Kangana Ranaut is a firebrand and she’s never short of ideas and words. Her upcoming film Dhaakad features her in an all-new avatar, toting guns, flaunting devilish red hair, donning slick costumes and kicking up a storm like a veritable international action star. While the teasers and trailers are testament to the ease with which she’s pulled off the action, Kangana admits she wasn’t sure doing Dhaakad was the right move for her career. Not just that, she’s equally candid about appraising her past self, referring to herself as overconfident and complacent. And in true Kangana style, she she even has a unique perspective on Hollywood’s The Avengers and other superhero franchises. Read on…
When you were growing up did you want to be dhaakad (strong and fearsome) or bhavuk (emotional and compassionate)?
It’s not like a dhaakad person can’t be sensitive and compassionate. And it’s not even that a sensitive and compassionate person can’t be dhaakad. The difference between dhaakad and brutal is that, a brutal person will have a single tempo, but a dhaakad person can rise and also be brutal for the larger well-being and it stems from the fact that he/she can be sensitive and emotional.
When I was a kid, the girls around me, which included my cousins and sisters, used to be busy putting on face packs after having read about them in magazines. I used to be quite disinterested in those activities. I remember, we were barely 8 or 9 years old and I used to ask those girls, ‘Who do you want to be when you grow up?’. A couple of them said, ‘Humko shaadi karni hai, humko toh bride bann na hai’. We were very young but I used to think to myself, how can someone’s life’s ambition be limited to being a bride. Those were the thoughts that occupied my mind. And it wasn’t like someone told me these things, not my parents not any other adult. But I used to wonder, how come these girls have such weird dreams about being a bride and getting a glow on the face after putting on a face pack.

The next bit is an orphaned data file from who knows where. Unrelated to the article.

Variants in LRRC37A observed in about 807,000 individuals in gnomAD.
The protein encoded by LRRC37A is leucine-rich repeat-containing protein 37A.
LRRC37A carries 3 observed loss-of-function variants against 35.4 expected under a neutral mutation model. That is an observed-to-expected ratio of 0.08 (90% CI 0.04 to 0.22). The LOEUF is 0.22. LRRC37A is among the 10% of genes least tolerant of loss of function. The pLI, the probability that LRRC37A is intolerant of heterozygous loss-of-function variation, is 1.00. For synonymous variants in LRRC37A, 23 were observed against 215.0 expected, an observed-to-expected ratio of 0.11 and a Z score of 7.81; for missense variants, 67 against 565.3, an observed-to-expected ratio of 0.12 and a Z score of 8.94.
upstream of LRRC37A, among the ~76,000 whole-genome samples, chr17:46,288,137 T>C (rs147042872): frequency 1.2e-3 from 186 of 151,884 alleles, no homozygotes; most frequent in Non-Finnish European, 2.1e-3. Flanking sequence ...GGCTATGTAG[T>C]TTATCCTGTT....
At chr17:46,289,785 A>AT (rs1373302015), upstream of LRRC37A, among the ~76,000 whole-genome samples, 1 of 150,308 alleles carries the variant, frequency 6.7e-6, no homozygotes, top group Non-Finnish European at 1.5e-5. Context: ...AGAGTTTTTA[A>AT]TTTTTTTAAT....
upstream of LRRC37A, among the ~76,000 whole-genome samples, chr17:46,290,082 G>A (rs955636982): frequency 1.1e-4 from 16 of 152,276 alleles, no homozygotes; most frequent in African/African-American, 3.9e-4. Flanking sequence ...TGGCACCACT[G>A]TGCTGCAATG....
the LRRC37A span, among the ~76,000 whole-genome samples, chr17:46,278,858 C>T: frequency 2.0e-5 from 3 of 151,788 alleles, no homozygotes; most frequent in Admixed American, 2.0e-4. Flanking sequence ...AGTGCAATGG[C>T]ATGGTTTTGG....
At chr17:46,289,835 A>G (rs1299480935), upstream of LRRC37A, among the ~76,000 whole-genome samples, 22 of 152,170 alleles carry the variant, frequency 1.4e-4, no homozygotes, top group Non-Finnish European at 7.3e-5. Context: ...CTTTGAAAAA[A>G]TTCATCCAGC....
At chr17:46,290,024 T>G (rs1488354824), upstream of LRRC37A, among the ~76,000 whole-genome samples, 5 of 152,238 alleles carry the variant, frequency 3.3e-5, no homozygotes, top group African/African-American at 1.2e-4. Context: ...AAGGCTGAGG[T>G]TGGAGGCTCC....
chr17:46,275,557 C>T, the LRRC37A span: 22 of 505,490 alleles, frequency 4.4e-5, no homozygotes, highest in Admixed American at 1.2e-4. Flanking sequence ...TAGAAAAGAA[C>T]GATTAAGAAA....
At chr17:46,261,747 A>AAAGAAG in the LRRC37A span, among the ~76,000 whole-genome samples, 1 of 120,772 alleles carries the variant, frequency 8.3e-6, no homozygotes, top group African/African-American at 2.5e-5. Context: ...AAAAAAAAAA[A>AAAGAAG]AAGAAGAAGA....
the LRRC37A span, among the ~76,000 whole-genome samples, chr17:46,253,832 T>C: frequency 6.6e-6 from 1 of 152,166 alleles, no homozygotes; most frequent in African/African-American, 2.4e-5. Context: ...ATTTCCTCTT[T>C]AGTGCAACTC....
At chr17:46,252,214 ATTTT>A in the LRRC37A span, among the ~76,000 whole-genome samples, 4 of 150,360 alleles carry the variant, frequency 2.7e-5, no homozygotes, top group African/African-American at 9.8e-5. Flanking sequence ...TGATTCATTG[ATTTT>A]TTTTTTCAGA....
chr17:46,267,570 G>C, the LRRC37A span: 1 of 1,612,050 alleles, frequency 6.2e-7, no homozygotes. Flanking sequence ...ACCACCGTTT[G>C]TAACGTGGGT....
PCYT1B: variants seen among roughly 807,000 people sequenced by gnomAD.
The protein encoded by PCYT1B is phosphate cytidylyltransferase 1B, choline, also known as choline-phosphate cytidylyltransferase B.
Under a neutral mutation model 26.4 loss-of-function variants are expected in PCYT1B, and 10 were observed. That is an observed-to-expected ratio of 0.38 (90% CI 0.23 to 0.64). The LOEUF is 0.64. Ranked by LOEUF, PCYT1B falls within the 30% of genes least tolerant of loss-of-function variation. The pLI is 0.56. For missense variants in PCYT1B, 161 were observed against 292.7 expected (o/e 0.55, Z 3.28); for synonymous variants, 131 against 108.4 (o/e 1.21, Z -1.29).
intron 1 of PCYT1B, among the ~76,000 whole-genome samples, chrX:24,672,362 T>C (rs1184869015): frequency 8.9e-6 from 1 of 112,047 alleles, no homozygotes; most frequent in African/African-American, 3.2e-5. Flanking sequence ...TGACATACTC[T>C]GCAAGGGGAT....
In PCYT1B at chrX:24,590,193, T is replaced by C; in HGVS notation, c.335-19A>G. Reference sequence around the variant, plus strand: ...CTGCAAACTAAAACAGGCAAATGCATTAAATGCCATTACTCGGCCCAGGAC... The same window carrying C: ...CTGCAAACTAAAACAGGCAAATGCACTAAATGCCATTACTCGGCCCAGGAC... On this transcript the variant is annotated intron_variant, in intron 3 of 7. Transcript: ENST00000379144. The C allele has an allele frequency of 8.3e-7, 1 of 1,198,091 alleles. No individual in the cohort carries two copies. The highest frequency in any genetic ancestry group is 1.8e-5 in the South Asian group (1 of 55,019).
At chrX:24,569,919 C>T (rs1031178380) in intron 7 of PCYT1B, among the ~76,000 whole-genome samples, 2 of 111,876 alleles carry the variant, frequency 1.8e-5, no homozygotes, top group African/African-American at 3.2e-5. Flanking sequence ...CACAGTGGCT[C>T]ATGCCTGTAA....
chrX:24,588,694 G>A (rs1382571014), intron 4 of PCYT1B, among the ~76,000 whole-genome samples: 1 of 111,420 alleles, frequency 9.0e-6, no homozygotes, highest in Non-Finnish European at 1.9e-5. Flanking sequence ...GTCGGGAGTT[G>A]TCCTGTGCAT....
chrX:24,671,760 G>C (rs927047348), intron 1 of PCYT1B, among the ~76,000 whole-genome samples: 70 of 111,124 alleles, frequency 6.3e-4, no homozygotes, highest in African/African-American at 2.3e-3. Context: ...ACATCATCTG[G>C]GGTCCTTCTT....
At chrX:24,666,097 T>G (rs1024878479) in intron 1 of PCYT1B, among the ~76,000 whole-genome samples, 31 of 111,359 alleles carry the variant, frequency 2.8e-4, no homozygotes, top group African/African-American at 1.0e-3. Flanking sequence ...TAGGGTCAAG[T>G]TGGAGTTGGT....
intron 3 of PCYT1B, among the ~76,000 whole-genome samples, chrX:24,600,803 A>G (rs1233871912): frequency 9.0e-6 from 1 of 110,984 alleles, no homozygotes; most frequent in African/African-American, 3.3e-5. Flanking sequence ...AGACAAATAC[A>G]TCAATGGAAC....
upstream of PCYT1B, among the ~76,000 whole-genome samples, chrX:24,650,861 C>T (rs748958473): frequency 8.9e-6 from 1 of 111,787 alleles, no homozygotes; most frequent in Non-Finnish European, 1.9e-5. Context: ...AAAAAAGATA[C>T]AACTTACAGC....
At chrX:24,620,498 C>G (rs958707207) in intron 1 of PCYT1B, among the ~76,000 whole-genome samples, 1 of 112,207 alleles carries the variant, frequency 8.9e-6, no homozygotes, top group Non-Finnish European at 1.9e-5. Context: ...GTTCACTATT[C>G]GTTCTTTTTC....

Did you ever express about your dreams and thoughts to your family or your cousins? Did you ever tell them that you think otherwise?
I used to tell those girls, ‘What sort of dreams are these?’ but we were all kids, so their reactions were mostly giggles. I am happy that some of those girls have grown up and are doing well for themselves today. All my cousins eventually turned out to be career oriented but even as a small kid I used to feel that life should have a higher purpose. Life should have deeper meaning. I always had the desire to be dhaakad and I always dreamt of achieving something in my lifetime.
What was your first reaction when you heard the story of Dhaakad? What did you like about it the most?
The way an engineer looks at a project, a doctor at a patient or the way an artist looks at a sculpture or painting, likewise an actor looks at a film subject very closely. We analyse what kind of an animal we have on our hands and how will we control it and mould it. We think about how we can manifest what’s written on paper into real life. That’s how an actor approaches a character or a film. When I broke into the film industry with movies like Fashion and Krrish, I was enthusiastic about working on films like Tomb Raider and Kill Bill. I wanted to create something memorable like those characters and stories for Hindi cinema. I pursued active training at the time, I learnt martial arts and kick boxing. When I didn’t get those kind of offers, I still persevered and finished my training. I waited for 2-3 years that someone will offer me those kind of films. But once those offers never came I moved on to films like Queen and doing completely different kind of cinema. I forgot about doing those high-concept action films. Interestingly, 10 to 11 years later when I had moved further away from that dream, I was working on Thalaivi and I had gained 20 kilos, I was probably the farthest I could be from that childhood dream, Razy Ghai (director of Dhaakad) is narrating the film to me as I am plonked on a sofa weighing all of 70-odd kilos being as wide as I can be. And my reaction to Razy was one of disbelief. I had done action in Krrish 3 and Manikarnika, but at the time, at my age I couldn’t see myself pulling it off. You’ve noticed the way I dress and carry myself, I have gone through a metamorphosis. I thought about those mini skirts and the guns. There was a time when I wanted to do it, but when Razy narrated the film I wasn’t really sure. After Thalaivi I was taking up the role of Indira Gandhi in Emergency and I would also play Rani Lakshmi Bai. So for me, it was a 90 per cent no for Dhaakad because I was of the opinion that I would not be able to pull it off. The 10 per cent positive reaction was because of my past training with martial arts. I just didn’t reply to Razy for a few days.